The 2022 update aligns the enclosure access requirements with NFPA 79: No door interlock required anymore, normally. No need any more to interlock all doors with the presence of energy inside the panel. No need any more to open the main panel disconnector in order to open the doors. We now have a similar international approach to the risk of direct contacts inside a Machinery Control Panel, since IEC 60204-1, NFPA 79, UL 508A, C22.2 N° 301 and C22.2 N°286 are somehow aligned in this respect. Please check this page on our website.

UL508A covers the engineering and manufacturing of Industrial Control Panels, while for Switchboards (in Europe we would also call them Distribution Panels) UL891 is the reference standard.
Every component, in order to be used in an Industrial Control Panel, must be approved by UL ("listed" or "recognised"). However, this is not enough to guarantee that the Industrial Control Panel is compliant to the UL508A.

The sizing of motor startings and of the main protection have different rules from the ones listed in EN 60204-1. The main problems that can be encountered while approving Industrial Control Panels in USA are:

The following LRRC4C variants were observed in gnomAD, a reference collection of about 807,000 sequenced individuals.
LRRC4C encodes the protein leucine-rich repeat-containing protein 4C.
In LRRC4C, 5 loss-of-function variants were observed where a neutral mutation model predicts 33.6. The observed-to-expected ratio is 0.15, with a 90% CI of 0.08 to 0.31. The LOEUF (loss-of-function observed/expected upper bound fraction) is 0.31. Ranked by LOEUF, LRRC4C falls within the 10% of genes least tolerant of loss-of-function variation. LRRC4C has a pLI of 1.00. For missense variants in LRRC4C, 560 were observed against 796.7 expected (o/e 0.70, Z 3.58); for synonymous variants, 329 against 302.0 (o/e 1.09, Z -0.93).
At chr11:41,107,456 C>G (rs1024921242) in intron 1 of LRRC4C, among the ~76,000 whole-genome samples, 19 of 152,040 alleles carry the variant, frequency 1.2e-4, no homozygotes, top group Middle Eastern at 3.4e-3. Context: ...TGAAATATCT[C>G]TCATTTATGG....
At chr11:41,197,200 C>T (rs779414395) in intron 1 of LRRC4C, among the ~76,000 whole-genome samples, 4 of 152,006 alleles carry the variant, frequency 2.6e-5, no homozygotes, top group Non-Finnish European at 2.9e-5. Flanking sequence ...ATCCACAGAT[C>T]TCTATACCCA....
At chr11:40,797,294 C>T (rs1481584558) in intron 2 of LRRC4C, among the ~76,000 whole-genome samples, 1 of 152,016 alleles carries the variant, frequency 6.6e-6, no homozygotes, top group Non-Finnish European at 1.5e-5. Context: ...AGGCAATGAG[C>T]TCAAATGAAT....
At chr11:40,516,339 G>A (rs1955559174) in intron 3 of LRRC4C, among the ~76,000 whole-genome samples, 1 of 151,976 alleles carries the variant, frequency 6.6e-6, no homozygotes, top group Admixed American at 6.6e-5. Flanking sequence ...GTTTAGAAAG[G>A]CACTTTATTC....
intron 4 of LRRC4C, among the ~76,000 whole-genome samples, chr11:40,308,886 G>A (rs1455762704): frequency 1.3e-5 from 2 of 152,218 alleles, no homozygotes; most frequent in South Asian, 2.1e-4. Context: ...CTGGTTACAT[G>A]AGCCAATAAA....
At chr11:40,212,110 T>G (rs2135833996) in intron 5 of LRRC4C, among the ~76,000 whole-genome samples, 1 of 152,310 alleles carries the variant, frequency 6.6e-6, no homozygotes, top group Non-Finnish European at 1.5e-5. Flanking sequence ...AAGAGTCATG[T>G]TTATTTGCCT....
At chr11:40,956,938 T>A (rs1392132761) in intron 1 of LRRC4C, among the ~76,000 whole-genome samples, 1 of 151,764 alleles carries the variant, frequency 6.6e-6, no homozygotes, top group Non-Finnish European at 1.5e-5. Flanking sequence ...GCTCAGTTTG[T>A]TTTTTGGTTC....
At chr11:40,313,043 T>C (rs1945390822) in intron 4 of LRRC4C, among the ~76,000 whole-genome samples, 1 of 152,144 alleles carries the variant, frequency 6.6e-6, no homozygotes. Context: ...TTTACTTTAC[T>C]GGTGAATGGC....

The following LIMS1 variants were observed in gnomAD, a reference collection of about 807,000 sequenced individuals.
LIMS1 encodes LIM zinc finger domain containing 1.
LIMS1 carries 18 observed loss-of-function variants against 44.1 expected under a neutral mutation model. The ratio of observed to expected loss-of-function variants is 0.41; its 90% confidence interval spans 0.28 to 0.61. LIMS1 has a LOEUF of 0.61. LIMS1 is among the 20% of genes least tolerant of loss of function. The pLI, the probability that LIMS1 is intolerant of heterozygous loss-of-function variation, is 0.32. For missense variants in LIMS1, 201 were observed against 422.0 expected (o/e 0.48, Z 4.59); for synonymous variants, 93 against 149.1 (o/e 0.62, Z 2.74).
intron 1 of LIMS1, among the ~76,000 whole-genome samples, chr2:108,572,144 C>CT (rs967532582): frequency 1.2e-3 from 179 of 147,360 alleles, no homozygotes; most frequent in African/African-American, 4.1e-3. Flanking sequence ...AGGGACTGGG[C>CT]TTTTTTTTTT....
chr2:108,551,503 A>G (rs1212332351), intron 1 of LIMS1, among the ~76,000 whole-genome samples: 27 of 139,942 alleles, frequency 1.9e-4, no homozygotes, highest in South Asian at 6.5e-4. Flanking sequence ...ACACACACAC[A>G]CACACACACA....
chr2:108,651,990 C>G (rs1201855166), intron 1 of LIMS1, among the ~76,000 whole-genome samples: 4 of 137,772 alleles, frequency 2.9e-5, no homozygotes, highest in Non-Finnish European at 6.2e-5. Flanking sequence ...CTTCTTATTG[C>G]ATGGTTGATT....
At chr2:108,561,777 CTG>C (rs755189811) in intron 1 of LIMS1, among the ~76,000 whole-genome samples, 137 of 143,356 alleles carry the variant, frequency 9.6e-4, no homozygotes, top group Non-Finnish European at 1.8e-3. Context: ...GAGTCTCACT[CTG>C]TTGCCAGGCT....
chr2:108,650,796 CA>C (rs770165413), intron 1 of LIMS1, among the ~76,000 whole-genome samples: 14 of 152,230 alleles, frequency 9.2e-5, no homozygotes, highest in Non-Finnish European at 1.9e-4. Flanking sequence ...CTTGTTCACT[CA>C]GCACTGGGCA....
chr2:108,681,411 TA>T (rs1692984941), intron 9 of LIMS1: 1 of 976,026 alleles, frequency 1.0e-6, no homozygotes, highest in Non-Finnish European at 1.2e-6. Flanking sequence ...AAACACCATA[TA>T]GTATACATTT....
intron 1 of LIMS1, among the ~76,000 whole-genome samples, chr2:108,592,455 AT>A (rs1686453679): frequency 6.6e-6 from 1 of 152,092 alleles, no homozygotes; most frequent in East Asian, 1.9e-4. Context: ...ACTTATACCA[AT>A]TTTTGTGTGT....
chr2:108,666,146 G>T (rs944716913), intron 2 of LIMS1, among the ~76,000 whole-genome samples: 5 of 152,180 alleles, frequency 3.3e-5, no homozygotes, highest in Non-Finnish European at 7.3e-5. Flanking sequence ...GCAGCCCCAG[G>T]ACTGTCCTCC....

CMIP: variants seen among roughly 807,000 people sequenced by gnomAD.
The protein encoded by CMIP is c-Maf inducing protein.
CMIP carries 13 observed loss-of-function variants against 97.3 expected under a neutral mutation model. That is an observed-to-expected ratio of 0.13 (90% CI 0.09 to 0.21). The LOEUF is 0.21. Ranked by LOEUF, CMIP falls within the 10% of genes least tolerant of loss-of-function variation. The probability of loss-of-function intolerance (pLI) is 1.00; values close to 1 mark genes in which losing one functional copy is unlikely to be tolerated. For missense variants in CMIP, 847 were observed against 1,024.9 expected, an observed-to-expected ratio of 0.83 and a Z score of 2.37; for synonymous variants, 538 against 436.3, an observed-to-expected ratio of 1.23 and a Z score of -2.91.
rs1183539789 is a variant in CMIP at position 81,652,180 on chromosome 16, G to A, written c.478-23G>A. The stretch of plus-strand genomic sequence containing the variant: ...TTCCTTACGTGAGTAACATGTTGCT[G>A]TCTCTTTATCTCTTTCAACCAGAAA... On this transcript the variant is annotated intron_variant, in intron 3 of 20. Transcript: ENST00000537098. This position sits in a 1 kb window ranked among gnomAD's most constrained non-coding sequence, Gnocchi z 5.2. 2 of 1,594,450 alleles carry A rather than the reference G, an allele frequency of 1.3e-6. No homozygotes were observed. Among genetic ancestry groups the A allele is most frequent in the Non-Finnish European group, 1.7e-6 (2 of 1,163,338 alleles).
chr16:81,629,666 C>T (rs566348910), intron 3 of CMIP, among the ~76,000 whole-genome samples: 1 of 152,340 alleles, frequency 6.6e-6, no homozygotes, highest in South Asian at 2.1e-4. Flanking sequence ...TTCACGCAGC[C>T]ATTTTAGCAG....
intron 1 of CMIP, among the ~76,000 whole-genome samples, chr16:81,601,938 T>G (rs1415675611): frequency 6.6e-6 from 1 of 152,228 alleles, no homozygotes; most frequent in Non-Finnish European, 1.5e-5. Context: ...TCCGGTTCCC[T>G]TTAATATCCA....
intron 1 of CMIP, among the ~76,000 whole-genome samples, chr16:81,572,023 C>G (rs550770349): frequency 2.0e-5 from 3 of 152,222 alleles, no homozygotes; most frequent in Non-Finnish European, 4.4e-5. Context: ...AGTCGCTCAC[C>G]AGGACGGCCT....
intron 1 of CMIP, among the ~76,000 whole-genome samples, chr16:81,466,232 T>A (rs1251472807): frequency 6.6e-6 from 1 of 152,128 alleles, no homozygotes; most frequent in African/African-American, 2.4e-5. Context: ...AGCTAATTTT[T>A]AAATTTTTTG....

• Circuit breakers not compliant to the UL standards or installed in the wrong way. In addition to sizing, their use should be considered very carefully because, depending on their certification (UL1077, UL489 and so on), they shall have definite applications in a control panel.
  • Non-compliances regarding the spacing between cables or devices.
  • Absence of the control panel plate or plate with incomplete data.
  • Transformers not certified to the correct UL standard


Safety in Collaborative Robotics

There is no “Collaborative Robot”. That is one of the first statements you hear from people working in Collaborative Robotics. The reason is because the robot can be designed for a collaborative task, but it is the Application that makes the “Robot Collaborative”. The reference standard for Collaborative Application is  ISO/TS 15066:2016 - ROBOTS AND ROBOTIC DEVICES -- COLLABORATIVE ROBOTS Not only for the unfortunate title, the standard will be included in the new edition of 2 important standards on Robots: ISO 10218-1: Robotics — Safety requirements for robot systems in an industrial envir